The message to the public sector is clear: shape up or ship out

(File photo: Ameer Khalifeh/Jordan News)

Ruba Saqr

The writer has reported on the environment, worked in the public sector as a communications officer, and served as managing editor of a business magazine, spokesperson for a humanitarian INGO, and as head of a PR agency.

Last Wednesday, His Majesty King Abdullah sent a strong message to Jordanian ministers, top officials, and even small-time public sector employees to, essentially, shape up or ship out.اضافة اعلان

Chairing part of a Cabinet meeting at the Prime Ministry, King Abdullah introduced several principles for the current government to adopt as its new modus operandi. The aim seems to be changing the prevailing public sector culture, which has long been rooted in lack of accountability, resistance to change, and indifference to work ethics and a professional code of conduct.

According to a Royal Court statement, the King told ministers attending the meeting: “Any official who is not up to the task should step down in order to not delay the team.”

The statement also went on to say that “His Majesty directed Prime Minister Bisher Al-Khasawneh to submit a progress report on the Economic Modernization Vision every three months, saying the relevant ministries’ performance will be assessed based on progress in implementing the vision”.

The King’s remarks came nearly a month after receiving the Integrity and Anti-Corruption Commission’s report for 2021, which detailed some horrific instances of bribery, embezzlement, squandering of public money, as well as multiple accounts of self-enrichment from public office and numerous examples of conflict of interest.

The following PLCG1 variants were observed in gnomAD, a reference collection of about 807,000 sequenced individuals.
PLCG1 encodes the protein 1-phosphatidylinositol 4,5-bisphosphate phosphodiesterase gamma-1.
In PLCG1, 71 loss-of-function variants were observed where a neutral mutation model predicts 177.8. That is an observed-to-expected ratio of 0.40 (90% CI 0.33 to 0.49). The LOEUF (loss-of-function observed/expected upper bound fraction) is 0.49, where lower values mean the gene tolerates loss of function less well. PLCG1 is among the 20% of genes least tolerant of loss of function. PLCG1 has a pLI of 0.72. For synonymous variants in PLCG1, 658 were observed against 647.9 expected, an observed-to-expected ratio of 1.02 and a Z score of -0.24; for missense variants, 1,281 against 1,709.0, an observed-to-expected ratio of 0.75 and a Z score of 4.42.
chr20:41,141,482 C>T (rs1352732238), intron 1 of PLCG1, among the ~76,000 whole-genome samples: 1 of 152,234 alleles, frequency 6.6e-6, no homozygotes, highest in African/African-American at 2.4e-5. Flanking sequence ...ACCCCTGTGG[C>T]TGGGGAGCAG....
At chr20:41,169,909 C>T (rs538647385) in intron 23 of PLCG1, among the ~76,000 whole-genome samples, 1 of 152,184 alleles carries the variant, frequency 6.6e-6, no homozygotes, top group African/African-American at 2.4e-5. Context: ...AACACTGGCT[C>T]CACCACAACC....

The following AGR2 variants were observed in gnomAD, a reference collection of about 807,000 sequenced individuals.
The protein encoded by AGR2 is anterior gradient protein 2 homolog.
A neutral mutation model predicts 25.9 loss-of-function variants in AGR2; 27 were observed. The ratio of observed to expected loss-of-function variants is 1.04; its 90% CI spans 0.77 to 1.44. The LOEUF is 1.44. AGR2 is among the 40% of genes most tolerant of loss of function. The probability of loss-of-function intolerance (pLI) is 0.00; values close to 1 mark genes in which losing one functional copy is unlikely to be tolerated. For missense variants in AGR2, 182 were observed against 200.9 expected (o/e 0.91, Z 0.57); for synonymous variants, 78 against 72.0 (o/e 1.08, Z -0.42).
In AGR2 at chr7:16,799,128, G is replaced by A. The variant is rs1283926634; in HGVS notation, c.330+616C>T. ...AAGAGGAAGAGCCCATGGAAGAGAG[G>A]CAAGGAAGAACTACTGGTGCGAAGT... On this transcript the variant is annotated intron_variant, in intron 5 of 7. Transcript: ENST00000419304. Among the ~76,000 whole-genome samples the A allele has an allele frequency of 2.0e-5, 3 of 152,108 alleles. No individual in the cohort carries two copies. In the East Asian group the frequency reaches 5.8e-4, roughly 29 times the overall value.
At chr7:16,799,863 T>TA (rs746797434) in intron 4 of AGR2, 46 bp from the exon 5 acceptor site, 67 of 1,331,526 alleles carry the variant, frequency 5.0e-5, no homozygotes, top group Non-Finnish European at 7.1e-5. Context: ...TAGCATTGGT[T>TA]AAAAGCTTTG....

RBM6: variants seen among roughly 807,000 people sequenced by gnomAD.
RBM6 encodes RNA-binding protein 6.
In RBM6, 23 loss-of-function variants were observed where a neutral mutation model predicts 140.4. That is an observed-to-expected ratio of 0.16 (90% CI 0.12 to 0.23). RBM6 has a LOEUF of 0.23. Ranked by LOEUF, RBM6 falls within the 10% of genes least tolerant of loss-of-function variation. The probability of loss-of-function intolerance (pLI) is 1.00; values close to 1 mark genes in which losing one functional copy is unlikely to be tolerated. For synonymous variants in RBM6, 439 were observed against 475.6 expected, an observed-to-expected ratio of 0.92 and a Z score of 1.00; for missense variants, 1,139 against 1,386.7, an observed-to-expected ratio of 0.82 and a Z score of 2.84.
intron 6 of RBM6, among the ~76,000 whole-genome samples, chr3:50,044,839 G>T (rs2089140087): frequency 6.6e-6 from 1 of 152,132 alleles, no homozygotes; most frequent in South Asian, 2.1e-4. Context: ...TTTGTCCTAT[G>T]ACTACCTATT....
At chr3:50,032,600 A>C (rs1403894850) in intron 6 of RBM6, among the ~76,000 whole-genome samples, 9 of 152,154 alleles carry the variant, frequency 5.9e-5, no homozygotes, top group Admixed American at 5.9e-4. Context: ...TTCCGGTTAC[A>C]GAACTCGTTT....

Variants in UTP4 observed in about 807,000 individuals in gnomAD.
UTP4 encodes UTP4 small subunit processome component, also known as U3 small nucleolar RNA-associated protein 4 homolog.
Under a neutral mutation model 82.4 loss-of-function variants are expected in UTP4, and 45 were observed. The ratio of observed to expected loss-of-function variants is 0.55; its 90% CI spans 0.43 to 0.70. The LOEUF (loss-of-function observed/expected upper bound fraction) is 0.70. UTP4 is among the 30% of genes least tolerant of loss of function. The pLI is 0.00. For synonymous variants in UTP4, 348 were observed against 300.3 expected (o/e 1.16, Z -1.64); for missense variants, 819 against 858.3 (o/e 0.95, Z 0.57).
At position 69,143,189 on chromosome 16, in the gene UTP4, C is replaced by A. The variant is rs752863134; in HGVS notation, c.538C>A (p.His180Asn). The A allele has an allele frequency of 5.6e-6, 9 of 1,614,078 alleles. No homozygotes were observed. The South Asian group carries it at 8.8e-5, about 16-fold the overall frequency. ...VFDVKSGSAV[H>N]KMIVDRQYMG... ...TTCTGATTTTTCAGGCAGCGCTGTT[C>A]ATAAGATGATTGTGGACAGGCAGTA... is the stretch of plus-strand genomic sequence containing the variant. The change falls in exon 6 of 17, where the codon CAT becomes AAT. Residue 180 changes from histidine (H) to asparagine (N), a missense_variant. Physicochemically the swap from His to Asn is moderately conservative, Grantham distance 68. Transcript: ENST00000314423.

So far, the trend in governance in Jordan has been to discover corruption after the fact, leaving the softer aspects of corruption — such as lack of vision and leadership, poor judgment and underperformance — to fall through the cracks. Those are mostly viewed as minor offences that do not match up to the bigger crimes.

However, it appears that the Jordanian leadership wants to change all that by instituting a new system of meritocracy and accountability in the public sector, by subjecting civil servants to a system of checks and balances. As a result, officials (and their subordinates) will start facing up to the consequences of their actions while on the job, not years or months after they have left office.

To this end, the King stressed that “each minister is responsible for building the capacities of his or her ministry to achieve its objectives and implement the economic and administrative modernization tracks, so that their performance can be assessed on that basis”, according to the Royal Court.

This is an extremely important message that, if implemented, will change everything about governance in Jordan. It promises to shake up the sluggish public sector and put it on a whole new trajectory, where performance becomes the determining factor in hiring people, whether they are ministers at the top of the governmental hierarchy or public servants working as managers or entry-level employees for the executive branch of government.

Additionally, ministers will no longer be able to justify the poor and unremarkable performance of their incompetent employees with the age-old excuse of having “inherited” them from previous administrations.

This should also introduce a new culture to the public sector where the ministers themselves, as well as everyone working under their command, are evaluated against specific “key performance indicators” (KPIs) that measure their progress and ability (or lack thereof) to fulfil their responsibilities.